The majority of scenarios showing we can limit warming to 1·5°C or 2°C are based on reducing CO2 emissions as well as removing carbon from the atmosphere, often using an approach of planting bioenergy crops coupled with carbon capture and storage (BECCS). However, plants naturally take up CO2 from the atmosphere and store it in biomass and soils, so increasing forest also results in CO2 removal. This research found that increasing forest area and conserving current forests could be more effective than a large-scale commitment to BECCS in meeting the Paris climate agreements, and that this is especially true if land is deforested to make way for bioenergy crops, which results in an overall loss of carbon from the land.
'Climate, land-Use and ecosystem services at 1·5°C' was led by Professor Peter Cox of the University of Exeter, with Dr Anna Harper at the University of Exeter and co-investigators at the Centre of Ecology & Hydrology and the University of Bristol.
Thawing permafrost and natural wetlands can make it more difficult to limit global warming.
A warmer climate will trigger more natural emissions of CO2 and methane from thawing permafrost and wetlands, on top of the emissions from burning of fossil fuels. These natural emissions have typically not been considered in previous assessments of the carbon budget. Taken in to account, allowable carbon emissions for limiting warming to 1·5°C are reduced by around 12%. This is equivalent to just over three years of human carbon emissions at 2017 emission rates. In the 2°C warming scenario, allowable carbon in reduced by 8·5%, equivalent to 4·4 years.
'Climate feedbacks from wetlands and permafrost thaw in a warming world (CLIFFTOP)' was led by Dr Garry Hayman at the NERC Centre of Ecology & Hydrology (CEH), with co-investigators at the CEH and the University of Leeds. Their research is cited in the IPCC special report on 1·5°C warming.
The remaining carbon budget is equivalent to less than 20 years of emissions at current levels.
In 2014, the IPCC made an assessment on the amount of CO2 emitted globally that would cause warming of 1·5°C by the end of the century. This research has shown that the remaining carbon budget is likely to be significantly more than assessed at the time of IPCC 5th report. The research found biases in the previous models and, once corrected, estimated the remaining carbon budget for 1·5°C is about 200 gigatonnes of carbon, equivalent to less than 20 years of emissions at current levels.
'Quantifying the cumulative carbon emissions consistent with a 1·5°C global warming (TCRE1·5)' was led by Professor Pierre Friedlingstein at the University of Exeter, with co-investigators at the University of Oxford. Research from the project is cited in the IPCC special report on 1·5°C warming.
Methane reduction could play significant role in achieving 1·5°C target.
Methane is a more potent greenhouse gas than CO2, so reducing methane emissions could make a substantial difference in our chances of meeting the Paris agreement targets by increasing the allowable carbon budget. Reducing methane emissions would also help lower concentrations of ozone gas in the atmosphere, which is harmful to plants, resulting in the vegetation being able to take more CO2 out of the atmosphere. This research concluded that early mitigation of methane emissions would significantly increase our chances of stabilising global warming below 1·5°C, alongside other benefits to human health and biodiversity.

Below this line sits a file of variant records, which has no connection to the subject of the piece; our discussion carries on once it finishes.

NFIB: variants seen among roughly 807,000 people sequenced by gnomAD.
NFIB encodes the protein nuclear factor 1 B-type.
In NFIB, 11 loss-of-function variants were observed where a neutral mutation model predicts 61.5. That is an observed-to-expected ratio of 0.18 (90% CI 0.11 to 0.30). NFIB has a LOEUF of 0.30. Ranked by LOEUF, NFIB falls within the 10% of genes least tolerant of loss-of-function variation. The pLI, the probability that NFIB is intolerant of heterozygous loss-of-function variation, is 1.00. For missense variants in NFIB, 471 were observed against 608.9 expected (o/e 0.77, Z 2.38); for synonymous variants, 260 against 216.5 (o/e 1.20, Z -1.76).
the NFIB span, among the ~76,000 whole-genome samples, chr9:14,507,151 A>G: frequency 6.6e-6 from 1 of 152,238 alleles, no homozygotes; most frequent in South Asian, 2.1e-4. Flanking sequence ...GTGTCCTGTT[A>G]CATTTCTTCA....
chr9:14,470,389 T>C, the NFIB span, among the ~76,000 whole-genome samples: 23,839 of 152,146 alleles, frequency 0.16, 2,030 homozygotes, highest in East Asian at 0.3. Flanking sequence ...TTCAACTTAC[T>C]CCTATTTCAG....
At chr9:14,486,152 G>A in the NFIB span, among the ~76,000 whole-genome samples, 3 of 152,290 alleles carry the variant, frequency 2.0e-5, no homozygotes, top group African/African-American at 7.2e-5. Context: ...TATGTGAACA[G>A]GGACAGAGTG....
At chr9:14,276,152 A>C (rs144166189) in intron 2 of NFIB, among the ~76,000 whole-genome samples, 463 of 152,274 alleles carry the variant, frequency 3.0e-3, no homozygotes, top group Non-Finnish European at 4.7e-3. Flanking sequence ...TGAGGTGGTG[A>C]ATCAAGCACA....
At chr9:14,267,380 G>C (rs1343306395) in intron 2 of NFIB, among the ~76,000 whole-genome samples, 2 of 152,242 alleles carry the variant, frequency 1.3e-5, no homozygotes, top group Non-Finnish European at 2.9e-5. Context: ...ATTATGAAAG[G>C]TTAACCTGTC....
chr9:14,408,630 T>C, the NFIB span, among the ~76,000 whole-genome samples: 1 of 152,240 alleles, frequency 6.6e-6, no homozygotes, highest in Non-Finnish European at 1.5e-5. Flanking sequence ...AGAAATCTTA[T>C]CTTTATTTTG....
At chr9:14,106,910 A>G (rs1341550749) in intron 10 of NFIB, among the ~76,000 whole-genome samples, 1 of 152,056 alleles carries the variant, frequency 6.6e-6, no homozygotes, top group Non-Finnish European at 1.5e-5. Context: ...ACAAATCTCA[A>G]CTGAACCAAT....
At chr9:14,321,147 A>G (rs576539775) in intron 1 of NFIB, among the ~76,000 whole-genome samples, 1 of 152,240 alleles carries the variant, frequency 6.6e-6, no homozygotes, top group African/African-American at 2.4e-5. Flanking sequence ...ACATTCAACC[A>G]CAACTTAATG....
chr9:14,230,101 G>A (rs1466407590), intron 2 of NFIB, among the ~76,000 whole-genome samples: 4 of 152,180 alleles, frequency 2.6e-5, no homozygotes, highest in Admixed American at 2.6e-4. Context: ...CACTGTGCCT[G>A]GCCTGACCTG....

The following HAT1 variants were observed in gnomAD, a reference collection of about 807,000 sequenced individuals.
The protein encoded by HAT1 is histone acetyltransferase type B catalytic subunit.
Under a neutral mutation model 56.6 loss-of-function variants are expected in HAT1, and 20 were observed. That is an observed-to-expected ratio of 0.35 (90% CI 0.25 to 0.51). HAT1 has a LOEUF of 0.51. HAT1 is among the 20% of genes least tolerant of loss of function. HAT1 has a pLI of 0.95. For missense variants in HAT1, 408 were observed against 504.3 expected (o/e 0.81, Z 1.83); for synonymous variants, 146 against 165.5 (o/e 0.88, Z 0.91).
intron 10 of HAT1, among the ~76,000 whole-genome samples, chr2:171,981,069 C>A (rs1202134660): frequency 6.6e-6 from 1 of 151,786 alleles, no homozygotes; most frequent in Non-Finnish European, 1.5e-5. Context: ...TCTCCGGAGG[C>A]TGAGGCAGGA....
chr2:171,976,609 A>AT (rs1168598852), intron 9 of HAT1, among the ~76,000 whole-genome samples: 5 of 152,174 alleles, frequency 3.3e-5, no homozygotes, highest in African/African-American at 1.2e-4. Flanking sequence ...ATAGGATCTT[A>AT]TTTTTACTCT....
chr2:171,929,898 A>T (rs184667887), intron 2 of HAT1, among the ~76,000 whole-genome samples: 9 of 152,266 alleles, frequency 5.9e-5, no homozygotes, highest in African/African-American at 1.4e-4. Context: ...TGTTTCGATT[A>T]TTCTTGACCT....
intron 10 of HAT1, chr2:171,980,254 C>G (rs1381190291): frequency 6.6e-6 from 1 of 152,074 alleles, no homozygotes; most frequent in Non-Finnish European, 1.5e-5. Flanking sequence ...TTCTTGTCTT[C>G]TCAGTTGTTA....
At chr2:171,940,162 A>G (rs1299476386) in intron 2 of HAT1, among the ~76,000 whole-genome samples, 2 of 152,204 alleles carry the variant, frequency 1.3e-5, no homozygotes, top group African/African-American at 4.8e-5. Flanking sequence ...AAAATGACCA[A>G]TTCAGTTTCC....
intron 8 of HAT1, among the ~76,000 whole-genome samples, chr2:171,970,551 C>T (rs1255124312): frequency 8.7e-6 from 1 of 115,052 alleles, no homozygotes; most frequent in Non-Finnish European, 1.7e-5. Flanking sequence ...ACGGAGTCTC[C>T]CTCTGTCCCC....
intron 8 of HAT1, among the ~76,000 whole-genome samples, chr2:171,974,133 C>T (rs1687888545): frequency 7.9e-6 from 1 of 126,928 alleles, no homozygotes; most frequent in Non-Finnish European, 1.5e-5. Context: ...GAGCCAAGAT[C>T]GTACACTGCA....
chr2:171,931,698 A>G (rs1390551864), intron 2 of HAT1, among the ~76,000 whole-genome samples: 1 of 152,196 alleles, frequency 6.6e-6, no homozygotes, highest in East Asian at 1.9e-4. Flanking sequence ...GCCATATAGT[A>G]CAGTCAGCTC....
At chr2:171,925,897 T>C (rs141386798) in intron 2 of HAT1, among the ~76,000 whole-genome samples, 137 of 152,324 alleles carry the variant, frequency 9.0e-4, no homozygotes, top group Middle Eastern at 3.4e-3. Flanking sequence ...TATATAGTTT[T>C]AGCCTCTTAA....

The 'Methane, ozone, and the carbon budget for 1·5°C (MOC1·5)' research was led by Professor Bill Collins at the University of Reading, with co-investigators at the University of Exeter, and was cited in the IPCC Special Report on 1·5°C warming.
We can meet the Paris agreement targets through policy change, but only if we act fast.
It is possible to maintain warming to less than 1·5°C through stringent, but realistically achievable, policy measures, but only with rapid and urgent global action. However, the impact on the world's most sensitive ecosystems, such as the Arctic, could still be dangerously severe despite stringent carbon reduction policies that satisfy the goals of the Paris agreement.
Consumption of fossil fuels will decline in the near future, as a result of ongoing technological change, potentially exacerbated by new climate policies. This transition will result in clear winners, importers such as China and the EU, and losers, generally exporters such as Canada, the USA or Russia, which could see their fossil-fuel industries nearly shut down. If these countries keep up their investment and production levels despite declining demand, the impacts on their own economies will be worsened.
The 'Plausible policy pathways to Paris' project is led by Dr Neil Edwards of The Open University, and research from the project was cited in the IPCC special report on 1·5°C warming.
To read the full abstracts of all the projects, please visit our online grants browser - Grants on the Web - external link.
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1. NERC is the UK's main agency for funding and managing research, training and knowledge exchange in the environmental sciences. Our work covers the full range of atmospheric, Earth, biological, terrestrial and aquatic science, from the deep oceans to the upper atmosphere and from the poles to the equator. We coordinate some of the world's most exciting research projects, tackling major issues such as climate change, environmental influences on human health, the genetic make-up of life on Earth, and much more. NERC is part of UK Research & Innovation, a non-departmental public body funded by a grant-in-aid from the UK government.